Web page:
But in the last 30 seconds of the third stanza, as Khan backs up, the ‘Hitman’ lands a leaping left hook to Khan’s head that knocks him off balance and he backpedals to the ropes, which handily holds him up. He holds on as Hatton frantically tries to capitilise, but his over eagerness results in him getting a warning from the referee for not listening to instruction when he called break. As they separate, Hatton tries the same punch again and almost lands it, but Khan was wise to it and just moved his head enough to escape it a second time. The bell sounds and Hatton is looking a lot happier with his performance, believing the tide is turning in his favour finally.

At the start of the fourth, Hatton explodes out of his corner and lands that same leaping left hand again instantly. Stunned Khan stumbles ever so slightly, due to being surprised more than hurt, and he snaps into action and begins to dance around the ring. Despite the excitement from the first round, the action isn’t as thrilling anymore as they play cat and mouse. Hatton almost runs forward as Khan skips around out of range. Every time Hatton lunges forward, Khan moves his head then holds, but the Bolton boxer looks tired with all the excess movement. On the last few occasions, Hatton came in too predictable with his attacks and Khan managed to land his own shots before moving away. Hatton kept eating jabs on his way in, which looked painful in the replays, as he walked onto most of them.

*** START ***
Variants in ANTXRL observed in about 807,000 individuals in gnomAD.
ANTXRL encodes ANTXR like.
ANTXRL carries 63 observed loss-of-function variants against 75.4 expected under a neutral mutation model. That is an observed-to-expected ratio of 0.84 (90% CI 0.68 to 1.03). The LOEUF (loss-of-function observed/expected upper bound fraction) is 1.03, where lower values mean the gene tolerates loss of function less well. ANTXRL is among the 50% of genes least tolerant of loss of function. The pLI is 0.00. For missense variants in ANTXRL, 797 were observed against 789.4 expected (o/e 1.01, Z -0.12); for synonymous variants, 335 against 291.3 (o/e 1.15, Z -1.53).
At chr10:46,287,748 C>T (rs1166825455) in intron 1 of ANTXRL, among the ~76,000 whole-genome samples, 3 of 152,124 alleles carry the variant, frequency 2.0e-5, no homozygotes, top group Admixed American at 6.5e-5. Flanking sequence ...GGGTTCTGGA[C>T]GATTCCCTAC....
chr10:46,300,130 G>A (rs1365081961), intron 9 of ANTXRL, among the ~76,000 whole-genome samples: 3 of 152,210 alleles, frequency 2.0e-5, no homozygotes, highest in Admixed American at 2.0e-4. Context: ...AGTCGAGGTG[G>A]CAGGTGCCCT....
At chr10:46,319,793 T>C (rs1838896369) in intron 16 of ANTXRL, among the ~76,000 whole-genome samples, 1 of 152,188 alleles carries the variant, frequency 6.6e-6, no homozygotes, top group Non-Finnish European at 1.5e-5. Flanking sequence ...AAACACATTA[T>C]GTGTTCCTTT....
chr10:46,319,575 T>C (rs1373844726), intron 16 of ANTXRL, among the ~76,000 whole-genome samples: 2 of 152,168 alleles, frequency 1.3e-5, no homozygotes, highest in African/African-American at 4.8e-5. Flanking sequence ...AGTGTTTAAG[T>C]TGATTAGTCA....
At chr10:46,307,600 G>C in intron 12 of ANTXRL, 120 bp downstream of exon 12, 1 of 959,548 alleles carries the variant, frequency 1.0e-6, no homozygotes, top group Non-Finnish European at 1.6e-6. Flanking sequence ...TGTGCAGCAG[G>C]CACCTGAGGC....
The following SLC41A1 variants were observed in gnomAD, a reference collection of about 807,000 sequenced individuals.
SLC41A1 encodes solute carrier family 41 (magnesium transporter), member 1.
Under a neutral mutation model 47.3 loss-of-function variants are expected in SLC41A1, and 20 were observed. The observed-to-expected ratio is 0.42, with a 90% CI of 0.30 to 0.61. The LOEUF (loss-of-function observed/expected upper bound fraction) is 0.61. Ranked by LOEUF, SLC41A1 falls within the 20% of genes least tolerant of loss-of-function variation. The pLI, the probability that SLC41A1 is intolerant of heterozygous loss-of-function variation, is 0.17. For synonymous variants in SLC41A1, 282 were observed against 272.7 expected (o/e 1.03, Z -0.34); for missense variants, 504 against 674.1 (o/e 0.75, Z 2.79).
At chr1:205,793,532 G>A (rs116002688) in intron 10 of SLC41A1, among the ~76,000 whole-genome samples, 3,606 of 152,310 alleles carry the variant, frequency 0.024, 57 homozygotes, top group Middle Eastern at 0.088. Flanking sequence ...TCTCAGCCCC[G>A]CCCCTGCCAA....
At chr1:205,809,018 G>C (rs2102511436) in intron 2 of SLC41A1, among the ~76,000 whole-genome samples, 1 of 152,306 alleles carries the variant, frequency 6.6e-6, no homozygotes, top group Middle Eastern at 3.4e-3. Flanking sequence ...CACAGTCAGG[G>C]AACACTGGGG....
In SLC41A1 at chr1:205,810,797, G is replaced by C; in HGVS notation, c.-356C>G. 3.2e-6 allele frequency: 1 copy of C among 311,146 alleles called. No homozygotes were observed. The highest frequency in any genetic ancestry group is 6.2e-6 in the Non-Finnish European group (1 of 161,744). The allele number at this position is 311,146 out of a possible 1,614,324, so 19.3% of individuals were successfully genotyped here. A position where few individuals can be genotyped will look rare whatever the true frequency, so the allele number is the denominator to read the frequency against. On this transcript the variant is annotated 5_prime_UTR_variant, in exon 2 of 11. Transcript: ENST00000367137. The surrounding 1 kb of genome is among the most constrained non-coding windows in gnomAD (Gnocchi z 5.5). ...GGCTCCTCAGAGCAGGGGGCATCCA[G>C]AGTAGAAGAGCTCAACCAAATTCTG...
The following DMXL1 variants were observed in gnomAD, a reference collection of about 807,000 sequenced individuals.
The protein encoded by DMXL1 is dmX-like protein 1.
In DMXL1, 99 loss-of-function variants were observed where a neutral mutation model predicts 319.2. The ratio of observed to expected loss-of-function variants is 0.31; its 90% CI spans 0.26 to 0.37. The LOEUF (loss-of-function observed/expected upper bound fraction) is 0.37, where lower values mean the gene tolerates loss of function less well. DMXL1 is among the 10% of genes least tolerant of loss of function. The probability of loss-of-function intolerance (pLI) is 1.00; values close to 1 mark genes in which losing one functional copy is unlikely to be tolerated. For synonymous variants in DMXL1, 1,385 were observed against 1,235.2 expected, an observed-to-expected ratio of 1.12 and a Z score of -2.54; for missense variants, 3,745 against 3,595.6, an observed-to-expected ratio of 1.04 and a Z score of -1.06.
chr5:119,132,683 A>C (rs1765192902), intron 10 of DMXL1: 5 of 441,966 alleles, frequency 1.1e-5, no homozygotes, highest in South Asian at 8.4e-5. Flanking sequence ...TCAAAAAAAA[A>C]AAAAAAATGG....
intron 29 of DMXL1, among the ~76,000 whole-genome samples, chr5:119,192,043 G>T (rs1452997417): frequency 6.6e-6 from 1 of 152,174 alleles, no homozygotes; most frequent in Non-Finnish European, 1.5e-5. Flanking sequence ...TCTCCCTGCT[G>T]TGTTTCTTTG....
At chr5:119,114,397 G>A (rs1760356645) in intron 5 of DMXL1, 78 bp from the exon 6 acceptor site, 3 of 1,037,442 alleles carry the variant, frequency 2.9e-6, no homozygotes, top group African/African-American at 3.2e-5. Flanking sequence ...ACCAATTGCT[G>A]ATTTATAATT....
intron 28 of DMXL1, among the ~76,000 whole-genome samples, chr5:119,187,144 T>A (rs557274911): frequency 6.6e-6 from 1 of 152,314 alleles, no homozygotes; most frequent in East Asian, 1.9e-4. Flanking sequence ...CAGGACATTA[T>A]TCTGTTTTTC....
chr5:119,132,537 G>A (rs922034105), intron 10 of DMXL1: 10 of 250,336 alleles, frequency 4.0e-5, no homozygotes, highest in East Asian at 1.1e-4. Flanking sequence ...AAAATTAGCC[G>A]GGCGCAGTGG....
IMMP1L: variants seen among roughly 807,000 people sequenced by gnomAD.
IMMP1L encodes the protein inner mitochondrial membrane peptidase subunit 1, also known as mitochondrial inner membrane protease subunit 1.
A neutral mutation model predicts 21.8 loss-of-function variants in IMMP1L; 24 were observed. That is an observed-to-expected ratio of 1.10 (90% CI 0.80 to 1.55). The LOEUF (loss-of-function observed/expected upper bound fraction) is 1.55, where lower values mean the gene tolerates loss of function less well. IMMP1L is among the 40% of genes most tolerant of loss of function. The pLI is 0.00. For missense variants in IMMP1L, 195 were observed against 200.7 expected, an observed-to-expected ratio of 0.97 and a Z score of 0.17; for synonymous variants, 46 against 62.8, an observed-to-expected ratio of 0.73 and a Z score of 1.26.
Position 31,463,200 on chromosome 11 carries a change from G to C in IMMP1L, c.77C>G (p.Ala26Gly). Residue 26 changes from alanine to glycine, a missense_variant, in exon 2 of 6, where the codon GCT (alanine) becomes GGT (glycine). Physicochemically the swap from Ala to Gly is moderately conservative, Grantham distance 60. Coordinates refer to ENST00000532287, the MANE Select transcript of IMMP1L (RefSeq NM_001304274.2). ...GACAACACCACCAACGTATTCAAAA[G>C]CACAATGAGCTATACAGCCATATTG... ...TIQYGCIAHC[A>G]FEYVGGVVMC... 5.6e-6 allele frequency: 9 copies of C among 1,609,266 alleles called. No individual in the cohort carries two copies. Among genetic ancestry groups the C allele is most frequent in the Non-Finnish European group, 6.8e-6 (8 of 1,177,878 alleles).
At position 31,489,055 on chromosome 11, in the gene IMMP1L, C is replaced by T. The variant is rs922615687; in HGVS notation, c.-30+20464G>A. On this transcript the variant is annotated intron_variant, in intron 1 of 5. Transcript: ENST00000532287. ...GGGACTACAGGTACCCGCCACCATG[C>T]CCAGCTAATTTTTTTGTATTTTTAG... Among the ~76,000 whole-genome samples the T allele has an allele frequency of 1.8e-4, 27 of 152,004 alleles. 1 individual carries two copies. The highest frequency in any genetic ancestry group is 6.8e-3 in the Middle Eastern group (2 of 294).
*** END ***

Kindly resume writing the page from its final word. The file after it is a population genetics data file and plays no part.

In the fifth round, it’s much the same, with Hatton trying to land but missing a lot, Khan manages to catch a bit of a breather in this round as he predicts a lot of Hatton’s moves and manages to counter successfully with the right hook on two separate occasions. Then, as the klaxons go, Hatton moves in too predictably and Khan lands a solid left jab to his oncoming head, which opens up a cut above his right eye. Annoyed and frustrated with himself, Hatton apoplectically unleashes his fury and, spurred on by his prior success, Khan fights fire with fire and the pair end the round trading leather, both landing big hits on one another. The fight fans roar into life, as the exhilaration from the opening round is reignited.

In the sixth stanza, Hatton races forwards again, with Khan keeping his distance. Not once has Hatton been forced backwards, which tells you who possesses the greater power of the pair. It's the same story again, Hatton plodding forwards, trying to catch the Bolton Wanderer, who continues to move fluidly, back up and maintain his distance, until finally caught up with and forced to hold. Hatton gets told to watch his head in the holds, clearly leaning in too much. You can just feel his frustration.